Through a series of EPs a young British producer by the name of James Blake forged an evolving new sound in 2010 – blending R&B samples, quick-click dubstep rhythms, cavernous bass lines and Auto-Tuned choruses. Named checked by the likes of Burial, Giles Peterson, Jamie xx, Mount Kimbie, Joy Orbison and Ramadanman, Blake was an artist’s artist. Less than a year ago he played a reportedly unremarkable DJ set in Dublin’s Twister Pepper to a few dozen chin-stroking dubstep purists, leaving the reverence of his performance and production skills to debate on the message-boards and forums these same pasty creatures occupy. In short, James Blake was as nerdy as a HTML t-shirt.
However, there was a seismic shift in the aftershock of an earth-shattering Feist cover, propelling Blake to the top of everyone’s 2011 list – even making the pages of glossy fashion magazines alongside “Jennifer Anniston’s Night of Hell” (presumably when she discovered that Branjelina adopted a new Border Collie and named it Rachel). With that Blake’s eponymous debut LP was somehow burdened with both critical and commercial expectation long before its release. Thankfully, from the epicentre of its own hyperbole, the record floored critics across the board and found its way onto everyone’s iPod or playlist and, more shockingly, daytime radio.
With barely a month’s notice, Blake announced a live show in Whelan’s, Dublin which promptly sold out in 20 minutes. You can be sure as eggs the promoters tried to shift it next door to a larger venue (The Village) but smartly Blake stuck to the more intimate setting. This intimacy meant the audience could see the intricacies of Blake’s performance and could feel the music – every rib rattling note of it.
Seeing Blake’s honest use of Auto-Tune and effects pedals is exhilarating. Far from hiding or disguising his voice he uses technology to bend and pitch it with affecting talent – morphing his soulful croon to a heart-warming female-sounding vocal on ‘To Care (Like You)’ or the alien robot choir on ‘Lindesfarne’, which paradoxically flits between cutting-edge future music and traditional song complete with lilting guitar and simple percussion. Blake can sing, this is more than apparent. Especially on ‘Why Don’t You Call Me’ which also showcases his classical training where the breaks and pauses are as breath-taking as his piano playing.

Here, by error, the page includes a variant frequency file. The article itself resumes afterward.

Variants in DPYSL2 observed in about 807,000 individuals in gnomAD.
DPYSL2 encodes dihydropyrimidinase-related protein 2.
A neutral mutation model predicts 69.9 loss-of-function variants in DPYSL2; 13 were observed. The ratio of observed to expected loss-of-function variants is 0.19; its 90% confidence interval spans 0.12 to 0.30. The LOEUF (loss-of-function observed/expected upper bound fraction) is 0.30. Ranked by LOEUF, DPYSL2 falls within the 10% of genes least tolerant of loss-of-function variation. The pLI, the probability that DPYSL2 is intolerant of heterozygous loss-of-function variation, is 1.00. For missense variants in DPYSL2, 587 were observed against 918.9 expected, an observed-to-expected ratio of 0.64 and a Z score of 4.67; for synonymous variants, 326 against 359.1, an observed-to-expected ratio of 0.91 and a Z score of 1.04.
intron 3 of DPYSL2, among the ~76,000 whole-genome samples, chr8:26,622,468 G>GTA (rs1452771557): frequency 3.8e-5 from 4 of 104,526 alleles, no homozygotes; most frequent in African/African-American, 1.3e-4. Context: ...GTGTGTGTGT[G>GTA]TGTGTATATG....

‘I Never Learned To Share’ was met with whooping recognition and in return the room was filled with a wash of intoxicating sine waves, excelling it far and beyond the recorded version with a dizzying electronic crescendo. Of course ‘Limit To Your Love’ lifted the roof – almost literally. The shuddering bass shook the foundations of the building, winding the audience with a sonic punch to the chest punctuated by silences, and as the buzz acoustics faded out a hit-hat solo carried the song to a glorious close.
Being gracious in character Blake pleased his fans by playing ‘Klavierwerke’ from one of the aforementioned EPs. While the minute cymbal hits and rhythmic clicks might have bewildered the Grazia readers, the nerds in the crowd were beaming with glee. To boot, there was a new song in the form of a crashing experimental piece with trombone, looped vocals and sweeping guitar strings.
‘The Wilhelm Scream’ closed the set with bluesy soul vocals that was swallowed by static and white noise in a song the inverts, turns inside-out and returns to form lodging firmly in the psyche in the process, as all great songs should.
While all eyes are on the charts for dubstep’s great cross-over act (Magnetic Man, Katy B), James Blake is sneaking in the singer-songwriter door with something ultimately less throwaway than mere “popstep”.
Photos by Luis Faustino.